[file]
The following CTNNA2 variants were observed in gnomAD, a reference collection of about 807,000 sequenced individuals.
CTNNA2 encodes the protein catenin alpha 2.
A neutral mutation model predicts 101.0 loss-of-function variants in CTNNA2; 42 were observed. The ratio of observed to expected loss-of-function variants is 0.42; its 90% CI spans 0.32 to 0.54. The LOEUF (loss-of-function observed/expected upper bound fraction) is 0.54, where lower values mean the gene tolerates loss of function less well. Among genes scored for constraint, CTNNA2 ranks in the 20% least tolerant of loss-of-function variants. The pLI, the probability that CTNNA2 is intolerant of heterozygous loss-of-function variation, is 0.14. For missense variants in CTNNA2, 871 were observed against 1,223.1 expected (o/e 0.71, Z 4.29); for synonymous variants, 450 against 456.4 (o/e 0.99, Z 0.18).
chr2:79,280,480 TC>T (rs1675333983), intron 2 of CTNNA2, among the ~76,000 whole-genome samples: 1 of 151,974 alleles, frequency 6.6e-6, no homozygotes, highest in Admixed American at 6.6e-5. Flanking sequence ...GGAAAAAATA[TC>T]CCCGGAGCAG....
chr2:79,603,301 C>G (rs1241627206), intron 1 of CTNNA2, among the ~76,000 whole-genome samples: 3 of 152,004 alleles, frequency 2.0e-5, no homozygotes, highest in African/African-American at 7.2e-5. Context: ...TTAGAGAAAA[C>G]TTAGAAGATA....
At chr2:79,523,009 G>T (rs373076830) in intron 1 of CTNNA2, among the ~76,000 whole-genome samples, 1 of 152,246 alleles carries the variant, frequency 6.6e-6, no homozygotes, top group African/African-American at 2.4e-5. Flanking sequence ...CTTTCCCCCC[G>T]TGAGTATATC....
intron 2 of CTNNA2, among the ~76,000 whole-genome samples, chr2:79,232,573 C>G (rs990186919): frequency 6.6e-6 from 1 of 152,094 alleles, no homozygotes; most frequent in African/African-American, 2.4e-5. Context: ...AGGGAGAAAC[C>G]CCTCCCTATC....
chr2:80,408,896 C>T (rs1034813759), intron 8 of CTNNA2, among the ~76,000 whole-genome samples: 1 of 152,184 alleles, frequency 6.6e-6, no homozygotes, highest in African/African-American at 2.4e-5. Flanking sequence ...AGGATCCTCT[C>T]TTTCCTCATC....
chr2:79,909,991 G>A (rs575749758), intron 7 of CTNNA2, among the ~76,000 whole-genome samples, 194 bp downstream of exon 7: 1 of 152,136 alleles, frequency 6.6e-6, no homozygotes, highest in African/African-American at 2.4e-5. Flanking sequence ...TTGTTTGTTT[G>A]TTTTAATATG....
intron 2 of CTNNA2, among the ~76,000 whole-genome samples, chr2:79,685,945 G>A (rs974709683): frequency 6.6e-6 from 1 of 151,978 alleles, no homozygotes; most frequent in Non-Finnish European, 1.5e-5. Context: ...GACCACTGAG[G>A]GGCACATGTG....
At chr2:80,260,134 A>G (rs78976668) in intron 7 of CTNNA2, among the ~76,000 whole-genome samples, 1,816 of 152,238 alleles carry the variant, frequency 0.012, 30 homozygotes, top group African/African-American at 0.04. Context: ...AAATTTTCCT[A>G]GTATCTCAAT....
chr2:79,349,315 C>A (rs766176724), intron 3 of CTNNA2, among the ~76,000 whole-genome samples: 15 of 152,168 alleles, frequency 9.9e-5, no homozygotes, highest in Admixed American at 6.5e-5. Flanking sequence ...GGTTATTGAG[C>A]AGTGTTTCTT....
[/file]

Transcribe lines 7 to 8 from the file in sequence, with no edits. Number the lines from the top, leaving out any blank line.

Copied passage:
intron 2 of CTNNA2, among the ~76,000 whole-genome samples, chr2:79,232,573 C>G (rs990186919): frequency 6.6e-6 from 1 of 152,094 alleles, no homozygotes; most frequent in African/African-American, 2.4e-5. Context: ...AGGGAGAAAC[C>G]CCTCCCTATC....
chr2:80,408,896 C>T (rs1034813759), intron 8 of CTNNA2, among the ~76,000 whole-genome samples: 1 of 152,184 alleles, frequency 6.6e-6, no homozygotes, highest in African/African-American at 2.4e-5. Flanking sequence ...AGGATCCTCT[C>T]TTTCCTCATC....